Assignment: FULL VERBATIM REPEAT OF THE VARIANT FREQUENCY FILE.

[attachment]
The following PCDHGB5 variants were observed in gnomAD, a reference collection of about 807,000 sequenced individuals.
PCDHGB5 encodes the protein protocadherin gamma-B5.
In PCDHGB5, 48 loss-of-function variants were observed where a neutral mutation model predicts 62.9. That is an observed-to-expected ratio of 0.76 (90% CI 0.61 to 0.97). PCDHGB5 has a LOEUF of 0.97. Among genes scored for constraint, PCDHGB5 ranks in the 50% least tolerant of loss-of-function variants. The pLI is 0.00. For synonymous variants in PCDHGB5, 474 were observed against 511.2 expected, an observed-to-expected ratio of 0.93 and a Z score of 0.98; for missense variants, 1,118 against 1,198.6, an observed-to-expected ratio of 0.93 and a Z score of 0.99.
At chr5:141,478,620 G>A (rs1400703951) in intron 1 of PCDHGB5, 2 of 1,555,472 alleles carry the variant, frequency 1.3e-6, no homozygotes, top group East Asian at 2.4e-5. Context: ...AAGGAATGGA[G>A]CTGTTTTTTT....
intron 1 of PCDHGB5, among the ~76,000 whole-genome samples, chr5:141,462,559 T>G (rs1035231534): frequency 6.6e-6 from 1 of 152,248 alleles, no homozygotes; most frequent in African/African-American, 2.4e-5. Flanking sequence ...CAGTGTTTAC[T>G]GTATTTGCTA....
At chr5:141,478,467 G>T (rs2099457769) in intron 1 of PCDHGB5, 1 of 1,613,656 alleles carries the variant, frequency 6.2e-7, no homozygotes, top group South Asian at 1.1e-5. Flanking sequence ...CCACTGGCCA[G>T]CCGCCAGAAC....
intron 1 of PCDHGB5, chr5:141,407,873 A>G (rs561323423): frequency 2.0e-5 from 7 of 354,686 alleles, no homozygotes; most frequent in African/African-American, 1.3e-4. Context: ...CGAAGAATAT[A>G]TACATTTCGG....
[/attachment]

The following PCDHGB5 variants were observed in gnomAD, a reference collection of about 807,000 sequenced individuals.
PCDHGB5 encodes the protein protocadherin gamma-B5.
In PCDHGB5, 48 loss-of-function variants were observed where a neutral mutation model predicts 62.9. That is an observed-to-expected ratio of 0.76 (90% CI 0.61 to 0.97). PCDHGB5 has a LOEUF of 0.97. Among genes scored for constraint, PCDHGB5 ranks in the 50% least tolerant of loss-of-function variants. The pLI is 0.00. For synonymous variants in PCDHGB5, 474 were observed against 511.2 expected, an observed-to-expected ratio of 0.93 and a Z score of 0.98; for missense variants, 1,118 against 1,198.6, an observed-to-expected ratio of 0.93 and a Z score of 0.99.
At chr5:141,478,620 G>A (rs1400703951) in intron 1 of PCDHGB5, 2 of 1,555,472 alleles carry the variant, frequency 1.3e-6, no homozygotes, top group East Asian at 2.4e-5. Context: ...AAGGAATGGA[G>A]CTGTTTTTTT....
intron 1 of PCDHGB5, among the ~76,000 whole-genome samples, chr5:141,462,559 T>G (rs1035231534): frequency 6.6e-6 from 1 of 152,248 alleles, no homozygotes; most frequent in African/African-American, 2.4e-5. Flanking sequence ...CAGTGTTTAC[T>G]GTATTTGCTA....
At chr5:141,478,467 G>T (rs2099457769) in intron 1 of PCDHGB5, 1 of 1,613,656 alleles carries the variant, frequency 6.2e-7, no homozygotes, top group South Asian at 1.1e-5. Flanking sequence ...CCACTGGCCA[G>T]CCGCCAGAAC....
intron 1 of PCDHGB5, chr5:141,407,873 A>G (rs561323423): frequency 2.0e-5 from 7 of 354,686 alleles, no homozygotes; most frequent in African/African-American, 1.3e-4. Context: ...CGAAGAATAT[A>G]TACATTTCGG....